In an era consumed with Facebook, Twitter and hoards of media anxious to be the first to report, well, just about anything, it’s easy to get caught up in the moment and blow things out of proportion. Case in point, the Pittsburgh Penguins’ last minute collapse against the Ottawa Senators on Sunday night.
After all, the Pens were 29 seconds away from enjoying a 3-0 stranglehold on the series before Evgeni Malkin and Kris Letang inexplicably allowed Daniel Alfredsson to swoop in on Tomas Vokoun, collect a perfectly placed pass from Milan Michalek and knot the score at one. What’s more, THW’s Tannor Torrao explains that Dan Bylsma’s mismanagement of a late power play situation essentially turned what should have been a sure victory and commanding series lead into a heartbreaking double overtime loss that sets up a critical Game 4 on Wednesday night.
Take a look at some of the social media that resulted from Game 3. Sounds like the sky is falling in Pittsburgh. End of the road. The Penguins are done.
Not all fans and members of the media are that glum about their club’s outlook but most pundits recognize that Pittsburgh has made things more difficult on themselves than need be:
“Look, no one should expect perfection, but these Penguins aren’t collectively cramping in the brain for the first time this postseason. They all knew what was on the line. Bylsma knew what was on the line…It’s given new life to an opponent and a goaltender that had been all but vanquished. It’s made it hard. Harder than necessary.” – Dejan Kovacevic, Pittsburgh Tribune-Review
But what effect, if any, will Game 3 ultimately have on the outcome of this series? Will it prove to be the turning point that Ottawa needs to act as a springboard to the Conference Final or will it simply serve to prolong the Senators’ season?
Obviously, time will tell. Something that people seem to be forgetting, however, is that the Pittsburgh Penguins are still enjoying a 2-1 edge in the series; they still hold home ice advantage; and they still have plenty going for them.
Unless it’s Marc-Andre Fleury imploding in net, Pittsburgh’s goaltending performances tend to be overshadowed by the club’s explosive firepower. But Tomas Vokoun deserves a great deal of credit for his performance to this point in the playoffs. Though his game was a bit shaky early in his postseason relief appearance, Vokoun has gotten stronger with each game:
““I think it was Tomas’ best game. He wasn’t busy maybe through the first half of the game with the number of shots – 13 or 14 – but they had a couple of great flurries, a couple of good chances. (Erik) Karlsson a couple times sneaking on the backdoor in the offensive zone, he had a couple big saves there. Strong around the net.” – Dan Bylsma, on Vokoun’s Game 3 performance
Indeed, Tomas’ 46 save performance was nothing short of magnificent. He gave his club every chance to pull out a victory and certainly deserved better than his fate Sunday night. Nevertheless, his 1.61 GAA (fourth in the postseason) and 9.49 save percentage (second in the playoffs) seem to have solidified a position of weakness for this Pittsburgh squad.
Despite only managing to score once in nearly five periods Sunday night, the Penguins possess arguably the most firepower in the league. Indeed, their 34 goals in nine games are tops in the playoffs to this point and their 27.0% power play efficiency leads all clubs still alive in the tournament.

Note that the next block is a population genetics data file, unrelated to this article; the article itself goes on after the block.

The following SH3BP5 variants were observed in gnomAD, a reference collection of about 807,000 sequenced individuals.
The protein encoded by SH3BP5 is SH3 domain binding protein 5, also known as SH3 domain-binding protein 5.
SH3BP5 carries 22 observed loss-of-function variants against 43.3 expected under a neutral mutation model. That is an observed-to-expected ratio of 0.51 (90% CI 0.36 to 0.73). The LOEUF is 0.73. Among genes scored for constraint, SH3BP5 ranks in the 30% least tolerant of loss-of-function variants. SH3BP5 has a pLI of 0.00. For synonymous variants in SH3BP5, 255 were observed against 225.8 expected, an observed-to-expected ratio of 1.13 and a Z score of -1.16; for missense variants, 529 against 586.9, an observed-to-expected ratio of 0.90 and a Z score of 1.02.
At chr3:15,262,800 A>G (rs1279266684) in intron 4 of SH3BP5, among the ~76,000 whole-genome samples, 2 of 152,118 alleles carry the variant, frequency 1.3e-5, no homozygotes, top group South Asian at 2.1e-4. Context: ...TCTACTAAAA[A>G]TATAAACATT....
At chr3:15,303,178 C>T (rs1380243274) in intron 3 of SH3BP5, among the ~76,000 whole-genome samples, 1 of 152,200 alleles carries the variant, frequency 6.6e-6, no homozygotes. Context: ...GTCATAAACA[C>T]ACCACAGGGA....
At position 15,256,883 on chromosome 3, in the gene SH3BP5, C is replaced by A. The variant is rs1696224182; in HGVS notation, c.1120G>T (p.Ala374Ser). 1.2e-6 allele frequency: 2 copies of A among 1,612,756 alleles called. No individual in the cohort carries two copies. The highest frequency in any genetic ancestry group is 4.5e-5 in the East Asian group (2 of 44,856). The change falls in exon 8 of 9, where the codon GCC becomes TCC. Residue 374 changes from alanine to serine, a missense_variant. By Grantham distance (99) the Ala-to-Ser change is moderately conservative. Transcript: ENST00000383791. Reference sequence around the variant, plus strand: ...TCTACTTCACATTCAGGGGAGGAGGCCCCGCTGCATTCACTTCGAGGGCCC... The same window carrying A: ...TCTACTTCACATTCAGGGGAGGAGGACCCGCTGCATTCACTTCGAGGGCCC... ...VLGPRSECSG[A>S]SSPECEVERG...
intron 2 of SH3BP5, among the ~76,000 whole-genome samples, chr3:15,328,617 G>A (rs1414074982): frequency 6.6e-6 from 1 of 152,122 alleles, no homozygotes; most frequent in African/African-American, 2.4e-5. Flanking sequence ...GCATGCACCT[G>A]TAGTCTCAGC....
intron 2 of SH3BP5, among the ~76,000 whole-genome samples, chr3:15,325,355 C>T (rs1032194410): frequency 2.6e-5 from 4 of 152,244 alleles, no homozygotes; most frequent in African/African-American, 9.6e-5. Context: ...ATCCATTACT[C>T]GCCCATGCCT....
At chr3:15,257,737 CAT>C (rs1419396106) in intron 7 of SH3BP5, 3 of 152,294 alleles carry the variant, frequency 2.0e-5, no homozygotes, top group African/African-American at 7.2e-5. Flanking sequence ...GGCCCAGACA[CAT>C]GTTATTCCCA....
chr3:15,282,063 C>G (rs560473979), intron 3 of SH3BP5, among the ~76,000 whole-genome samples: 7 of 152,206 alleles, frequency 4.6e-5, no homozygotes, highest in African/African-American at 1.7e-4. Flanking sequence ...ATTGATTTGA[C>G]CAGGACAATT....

So what makes their attack so lethal? Well, one key is their depth. Everyone knows Evgeni Malkin and Sidney Crosby will put up points but Pittsburgh dresses seven of the top seventeen scorers in the playoffs, five of whom are averaging at least a point a game. Crosby and Pascal Dupuis are tied for the league lead in goals (6) and Paul Martin and Kris Letang are both a point behind Boston’s Zdeno Chara for the league’s lead in scoring among defensemen.
Simply put, the Penguins can score from anywhere. They come in waves and, as a result, it’s nearly impossible to shut everyone down. And if the stars don’t produce, depth players like Tyler Kennedy or Brenden Morrow are ready to step up. Even Brooks Orpik got into the act, enabling Pittsburgh to escape a first round scare against the Islanders.
All this talent will make it tough to keep the Penguins off the board for long. Yes, Ottawa surrendered just one goal Sunday night but don’t count on them being able to pull that off consistently. Even if Craig Anderson has found his game, the Penguins have too much depth and talent to be held down for long.
Evgeni Malkin? One of the goats from Game 3? Yup. Did you see him in overtime? Geno was a legitimate threat every time he touched the puck. In fact, he nearly scored what would have been arguably his greatest goal to this point in his career, an accomplishment that would be no small feat.
And that’s the great thing about Malkin. Yes, he can have defensive lapses but they almost always serve as motivation for the reigning MVP. Sunday night, he knew he made a mistake at the end of regulation in Game 3 and was determined to atone for it. Though he came up just short in that contest, don’t be surprised if Malkin comes out flying and has a huge game on Wednesday to make up for his mistake.
While Pittsburgh suffered an incredibly tough defeat in Game 3, all is not lost for the East’s top seed. Ultimately, it was just one game. Could it turn the series around in Ottawa’s favor? Absolutely. But this Pittsburgh club is a resilient, loaded team. And, until they lose home ice advantage, they’re still in the driver’s seat.
Sean Griffin is a lead writer for the Pittsburgh Penguins at The Hockey Writers. He can be contacted at firstname.lastname@example.org.